Government to Take Up Kargil Martyr Saurabh Kalia’s Case in International Court if Supreme Court Allows

By - Sushma Swaraj

Government to Take Up Kargil Martyr Saurabh Kalia’s Case in International Court if Supreme Court Allows: Sushma Swaraj


NEW DELHI: External Affairs Minister Sushma Swaraj has said that the government will ask the Supreme Court if it can move the International Court of Justice (ICJ) on the brutal torture of Indian Army Captain Saurabh Kalia by Pakistani forces during the Kargil war.

“We will go to the international court if the Supreme Court allows it,” Ms Swaraj said today after the Modi government came under huge criticism for taking the same stand on CaSaurabh Kaliaptain Kalia’s killing as its predecessor, the Congress-led UPA, had.

Minister of State for External Affairs VK Singh had told Parliament last year in reply to a question, “The possibility of seeking legal remedies through the international courts was thoroughly examined but not found feasible.”

An External Affairs Ministry spokesperson said today, “The government of India has conventionally held the position that India and Pakistan cannot invoke the compulsory jurisdiction of the International Court of Justice in relation to disputes concerning armed conflicts, hostilities etc and as they are both members of the Commonwealth.” He said an affidavit filed by the government stating that position had now been reviewed.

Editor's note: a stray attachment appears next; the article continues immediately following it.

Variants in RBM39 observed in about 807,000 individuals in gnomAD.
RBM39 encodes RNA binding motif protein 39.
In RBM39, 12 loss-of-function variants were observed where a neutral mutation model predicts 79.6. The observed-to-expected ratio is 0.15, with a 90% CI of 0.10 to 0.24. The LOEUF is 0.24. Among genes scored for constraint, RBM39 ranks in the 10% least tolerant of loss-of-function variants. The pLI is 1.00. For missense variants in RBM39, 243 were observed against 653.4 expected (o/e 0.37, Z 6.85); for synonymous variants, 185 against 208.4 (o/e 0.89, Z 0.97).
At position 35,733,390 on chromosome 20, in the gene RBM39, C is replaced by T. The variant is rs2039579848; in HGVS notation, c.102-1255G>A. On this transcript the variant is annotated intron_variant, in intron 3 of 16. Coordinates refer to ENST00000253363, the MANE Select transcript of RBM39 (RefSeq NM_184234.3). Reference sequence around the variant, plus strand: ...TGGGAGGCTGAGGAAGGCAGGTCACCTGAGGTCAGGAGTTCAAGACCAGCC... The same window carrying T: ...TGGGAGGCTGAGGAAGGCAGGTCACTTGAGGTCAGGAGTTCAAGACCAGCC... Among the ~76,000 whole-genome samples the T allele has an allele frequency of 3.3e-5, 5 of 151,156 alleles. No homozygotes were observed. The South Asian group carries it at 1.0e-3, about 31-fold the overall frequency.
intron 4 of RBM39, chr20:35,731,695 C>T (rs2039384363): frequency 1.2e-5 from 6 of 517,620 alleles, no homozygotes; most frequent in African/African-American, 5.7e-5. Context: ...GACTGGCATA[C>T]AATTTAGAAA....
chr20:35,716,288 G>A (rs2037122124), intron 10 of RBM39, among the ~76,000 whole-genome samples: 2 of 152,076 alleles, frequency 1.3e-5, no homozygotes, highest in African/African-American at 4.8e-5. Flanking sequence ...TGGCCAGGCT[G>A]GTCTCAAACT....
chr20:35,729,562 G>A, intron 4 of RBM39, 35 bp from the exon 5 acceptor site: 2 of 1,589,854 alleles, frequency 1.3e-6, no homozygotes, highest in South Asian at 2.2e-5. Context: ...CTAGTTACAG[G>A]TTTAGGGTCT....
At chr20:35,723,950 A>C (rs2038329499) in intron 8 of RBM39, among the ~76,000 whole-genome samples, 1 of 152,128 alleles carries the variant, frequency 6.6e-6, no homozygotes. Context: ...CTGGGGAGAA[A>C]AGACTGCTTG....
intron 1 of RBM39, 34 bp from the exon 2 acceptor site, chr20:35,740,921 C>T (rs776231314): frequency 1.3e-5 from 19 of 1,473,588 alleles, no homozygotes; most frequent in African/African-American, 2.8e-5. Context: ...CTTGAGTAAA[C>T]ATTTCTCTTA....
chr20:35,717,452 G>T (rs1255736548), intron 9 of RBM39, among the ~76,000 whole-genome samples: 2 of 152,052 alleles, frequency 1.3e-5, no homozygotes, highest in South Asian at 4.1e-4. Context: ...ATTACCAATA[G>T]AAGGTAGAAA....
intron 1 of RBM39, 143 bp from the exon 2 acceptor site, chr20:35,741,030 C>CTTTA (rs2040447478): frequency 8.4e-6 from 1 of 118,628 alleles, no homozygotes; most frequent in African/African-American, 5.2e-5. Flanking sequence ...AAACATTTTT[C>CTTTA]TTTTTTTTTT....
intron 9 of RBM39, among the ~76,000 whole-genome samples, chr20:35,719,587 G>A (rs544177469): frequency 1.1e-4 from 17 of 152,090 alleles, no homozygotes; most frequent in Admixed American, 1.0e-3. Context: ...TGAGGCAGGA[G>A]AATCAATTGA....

Ms Swaraj said in Udaipur, “It has been decided that the way Captain Kalia was tortured created ‘exceptional circumstances’ and therefore, the government will change its affidavit in the Supreme Court and ask whether under legal provisions it can move the ICJ.”

Captain Kalia, 25, and five other soldiers were captured alive on 15 May, 1999, by Pakistani troops when they had gone out for patrol duty in the Kaskar area of Kargil. They were kept in captivity and were subjected to unspeakable torture. Their mutilated bodies were handed over to India after 15 days.

The Captain’s father, NK Kalia moved the Supreme Court in 2012, demanding an international probe.

He said today, “We did not see any strong steps being taken in 16 years by any government” and promised to “keep raising this issue as long as I live.”

Captain Kalia’s brother Vaibhav today told NDTV that he is surprised how Pakistan can treat human beings like that. “Pakistan should apologise to humanity,” he said.

Though government has declared its intention to move the top court, officials say situation is unlikely to change because being a Commonwealth member India can’t unilaterally move the ICJ; Pakistan too will have to agree to it. Officials warned that such a move would set a “costly precedence” as it would give Pakistan a chance to raise India’s counter-insurgency operations at international level.